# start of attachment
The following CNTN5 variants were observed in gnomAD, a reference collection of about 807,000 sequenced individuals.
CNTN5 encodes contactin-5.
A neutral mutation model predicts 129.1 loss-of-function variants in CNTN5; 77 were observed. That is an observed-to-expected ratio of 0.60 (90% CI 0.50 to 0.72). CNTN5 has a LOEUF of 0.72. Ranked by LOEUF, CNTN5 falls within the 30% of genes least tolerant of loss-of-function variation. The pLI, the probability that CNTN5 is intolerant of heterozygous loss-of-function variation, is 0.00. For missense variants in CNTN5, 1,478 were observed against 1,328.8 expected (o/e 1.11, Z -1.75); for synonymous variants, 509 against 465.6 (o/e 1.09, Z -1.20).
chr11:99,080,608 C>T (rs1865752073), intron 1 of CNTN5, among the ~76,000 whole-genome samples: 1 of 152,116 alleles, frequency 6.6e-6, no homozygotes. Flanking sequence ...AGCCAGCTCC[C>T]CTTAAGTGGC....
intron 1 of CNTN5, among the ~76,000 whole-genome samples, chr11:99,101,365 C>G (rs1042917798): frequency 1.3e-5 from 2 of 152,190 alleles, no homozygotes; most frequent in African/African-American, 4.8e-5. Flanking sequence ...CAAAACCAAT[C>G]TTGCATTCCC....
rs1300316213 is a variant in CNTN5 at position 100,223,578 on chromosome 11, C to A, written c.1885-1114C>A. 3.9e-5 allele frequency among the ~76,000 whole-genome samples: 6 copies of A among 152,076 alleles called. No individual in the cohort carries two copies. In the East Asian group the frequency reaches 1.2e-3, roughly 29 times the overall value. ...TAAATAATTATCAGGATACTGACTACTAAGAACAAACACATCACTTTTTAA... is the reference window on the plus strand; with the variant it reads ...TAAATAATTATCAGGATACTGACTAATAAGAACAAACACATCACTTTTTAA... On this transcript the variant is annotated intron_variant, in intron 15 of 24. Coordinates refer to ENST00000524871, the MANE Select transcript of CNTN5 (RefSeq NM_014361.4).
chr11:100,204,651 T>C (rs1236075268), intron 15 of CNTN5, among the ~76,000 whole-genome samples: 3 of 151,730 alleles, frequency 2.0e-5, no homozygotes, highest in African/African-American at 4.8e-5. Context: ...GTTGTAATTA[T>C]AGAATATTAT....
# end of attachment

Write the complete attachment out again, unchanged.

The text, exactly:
The following CNTN5 variants were observed in gnomAD, a reference collection of about 807,000 sequenced individuals.
CNTN5 encodes contactin-5.
A neutral mutation model predicts 129.1 loss-of-function variants in CNTN5; 77 were observed. That is an observed-to-expected ratio of 0.60 (90% CI 0.50 to 0.72). CNTN5 has a LOEUF of 0.72. Ranked by LOEUF, CNTN5 falls within the 30% of genes least tolerant of loss-of-function variation. The pLI, the probability that CNTN5 is intolerant of heterozygous loss-of-function variation, is 0.00. For missense variants in CNTN5, 1,478 were observed against 1,328.8 expected (o/e 1.11, Z -1.75); for synonymous variants, 509 against 465.6 (o/e 1.09, Z -1.20).
chr11:99,080,608 C>T (rs1865752073), intron 1 of CNTN5, among the ~76,000 whole-genome samples: 1 of 152,116 alleles, frequency 6.6e-6, no homozygotes. Flanking sequence ...AGCCAGCTCC[C>T]CTTAAGTGGC....
intron 1 of CNTN5, among the ~76,000 whole-genome samples, chr11:99,101,365 C>G (rs1042917798): frequency 1.3e-5 from 2 of 152,190 alleles, no homozygotes; most frequent in African/African-American, 4.8e-5. Flanking sequence ...CAAAACCAAT[C>G]TTGCATTCCC....
rs1300316213 is a variant in CNTN5 at position 100,223,578 on chromosome 11, C to A, written c.1885-1114C>A. 3.9e-5 allele frequency among the ~76,000 whole-genome samples: 6 copies of A among 152,076 alleles called. No individual in the cohort carries two copies. In the East Asian group the frequency reaches 1.2e-3, roughly 29 times the overall value. ...TAAATAATTATCAGGATACTGACTACTAAGAACAAACACATCACTTTTTAA... is the reference window on the plus strand; with the variant it reads ...TAAATAATTATCAGGATACTGACTAATAAGAACAAACACATCACTTTTTAA... On this transcript the variant is annotated intron_variant, in intron 15 of 24. Coordinates refer to ENST00000524871, the MANE Select transcript of CNTN5 (RefSeq NM_014361.4).
chr11:100,204,651 T>C (rs1236075268), intron 15 of CNTN5, among the ~76,000 whole-genome samples: 3 of 151,730 alleles, frequency 2.0e-5, no homozygotes, highest in African/African-American at 4.8e-5. Context: ...GTTGTAATTA[T>C]AGAATATTAT....